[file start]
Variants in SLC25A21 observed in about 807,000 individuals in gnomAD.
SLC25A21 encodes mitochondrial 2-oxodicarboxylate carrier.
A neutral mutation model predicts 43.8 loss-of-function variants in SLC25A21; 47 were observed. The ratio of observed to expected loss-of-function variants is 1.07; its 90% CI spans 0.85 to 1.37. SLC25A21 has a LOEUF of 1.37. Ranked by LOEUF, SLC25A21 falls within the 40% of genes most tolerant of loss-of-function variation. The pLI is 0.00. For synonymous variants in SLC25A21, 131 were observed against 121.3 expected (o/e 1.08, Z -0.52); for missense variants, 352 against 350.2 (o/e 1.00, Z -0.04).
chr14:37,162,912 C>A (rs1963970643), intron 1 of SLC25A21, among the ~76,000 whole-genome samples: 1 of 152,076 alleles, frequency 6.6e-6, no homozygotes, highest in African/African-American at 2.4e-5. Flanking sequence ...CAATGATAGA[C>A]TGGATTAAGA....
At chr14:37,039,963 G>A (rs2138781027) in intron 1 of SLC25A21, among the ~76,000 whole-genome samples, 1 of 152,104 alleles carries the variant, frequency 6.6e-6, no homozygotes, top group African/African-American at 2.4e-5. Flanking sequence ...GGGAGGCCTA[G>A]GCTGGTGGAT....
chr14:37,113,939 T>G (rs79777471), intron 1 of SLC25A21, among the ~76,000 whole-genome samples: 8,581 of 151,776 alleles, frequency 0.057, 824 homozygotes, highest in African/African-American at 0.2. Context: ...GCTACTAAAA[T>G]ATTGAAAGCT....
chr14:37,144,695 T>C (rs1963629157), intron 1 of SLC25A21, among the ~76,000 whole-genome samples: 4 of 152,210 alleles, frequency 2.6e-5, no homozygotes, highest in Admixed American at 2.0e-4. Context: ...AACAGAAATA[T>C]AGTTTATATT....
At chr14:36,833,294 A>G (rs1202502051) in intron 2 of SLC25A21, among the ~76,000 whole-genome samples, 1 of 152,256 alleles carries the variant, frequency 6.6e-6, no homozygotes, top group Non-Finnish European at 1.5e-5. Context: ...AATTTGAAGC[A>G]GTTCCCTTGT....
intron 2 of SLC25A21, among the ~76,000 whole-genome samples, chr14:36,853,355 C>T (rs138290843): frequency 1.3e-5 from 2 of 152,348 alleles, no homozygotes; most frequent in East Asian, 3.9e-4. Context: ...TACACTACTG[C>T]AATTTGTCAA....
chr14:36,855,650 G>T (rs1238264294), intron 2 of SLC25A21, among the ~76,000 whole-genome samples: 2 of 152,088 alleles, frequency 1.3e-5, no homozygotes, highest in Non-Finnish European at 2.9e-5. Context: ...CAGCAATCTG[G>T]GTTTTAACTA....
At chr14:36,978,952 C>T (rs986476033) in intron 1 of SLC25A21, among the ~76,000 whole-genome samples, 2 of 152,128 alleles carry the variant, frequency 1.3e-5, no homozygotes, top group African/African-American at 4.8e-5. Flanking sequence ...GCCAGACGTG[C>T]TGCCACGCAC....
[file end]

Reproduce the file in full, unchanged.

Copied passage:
Variants in SLC25A21 observed in about 807,000 individuals in gnomAD.
SLC25A21 encodes mitochondrial 2-oxodicarboxylate carrier.
A neutral mutation model predicts 43.8 loss-of-function variants in SLC25A21; 47 were observed. The ratio of observed to expected loss-of-function variants is 1.07; its 90% CI spans 0.85 to 1.37. SLC25A21 has a LOEUF of 1.37. Ranked by LOEUF, SLC25A21 falls within the 40% of genes most tolerant of loss-of-function variation. The pLI is 0.00. For synonymous variants in SLC25A21, 131 were observed against 121.3 expected (o/e 1.08, Z -0.52); for missense variants, 352 against 350.2 (o/e 1.00, Z -0.04).
chr14:37,162,912 C>A (rs1963970643), intron 1 of SLC25A21, among the ~76,000 whole-genome samples: 1 of 152,076 alleles, frequency 6.6e-6, no homozygotes, highest in African/African-American at 2.4e-5. Flanking sequence ...CAATGATAGA[C>A]TGGATTAAGA....
At chr14:37,039,963 G>A (rs2138781027) in intron 1 of SLC25A21, among the ~76,000 whole-genome samples, 1 of 152,104 alleles carries the variant, frequency 6.6e-6, no homozygotes, top group African/African-American at 2.4e-5. Flanking sequence ...GGGAGGCCTA[G>A]GCTGGTGGAT....
chr14:37,113,939 T>G (rs79777471), intron 1 of SLC25A21, among the ~76,000 whole-genome samples: 8,581 of 151,776 alleles, frequency 0.057, 824 homozygotes, highest in African/African-American at 0.2. Context: ...GCTACTAAAA[T>G]ATTGAAAGCT....
chr14:37,144,695 T>C (rs1963629157), intron 1 of SLC25A21, among the ~76,000 whole-genome samples: 4 of 152,210 alleles, frequency 2.6e-5, no homozygotes, highest in Admixed American at 2.0e-4. Context: ...AACAGAAATA[T>C]AGTTTATATT....
At chr14:36,833,294 A>G (rs1202502051) in intron 2 of SLC25A21, among the ~76,000 whole-genome samples, 1 of 152,256 alleles carries the variant, frequency 6.6e-6, no homozygotes, top group Non-Finnish European at 1.5e-5. Context: ...AATTTGAAGC[A>G]GTTCCCTTGT....
intron 2 of SLC25A21, among the ~76,000 whole-genome samples, chr14:36,853,355 C>T (rs138290843): frequency 1.3e-5 from 2 of 152,348 alleles, no homozygotes; most frequent in East Asian, 3.9e-4. Context: ...TACACTACTG[C>T]AATTTGTCAA....
chr14:36,855,650 G>T (rs1238264294), intron 2 of SLC25A21, among the ~76,000 whole-genome samples: 2 of 152,088 alleles, frequency 1.3e-5, no homozygotes, highest in Non-Finnish European at 2.9e-5. Context: ...CAGCAATCTG[G>T]GTTTTAACTA....
At chr14:36,978,952 C>T (rs986476033) in intron 1 of SLC25A21, among the ~76,000 whole-genome samples, 2 of 152,128 alleles carry the variant, frequency 1.3e-5, no homozygotes, top group African/African-American at 4.8e-5. Flanking sequence ...GCCAGACGTG[C>T]TGCCACGCAC....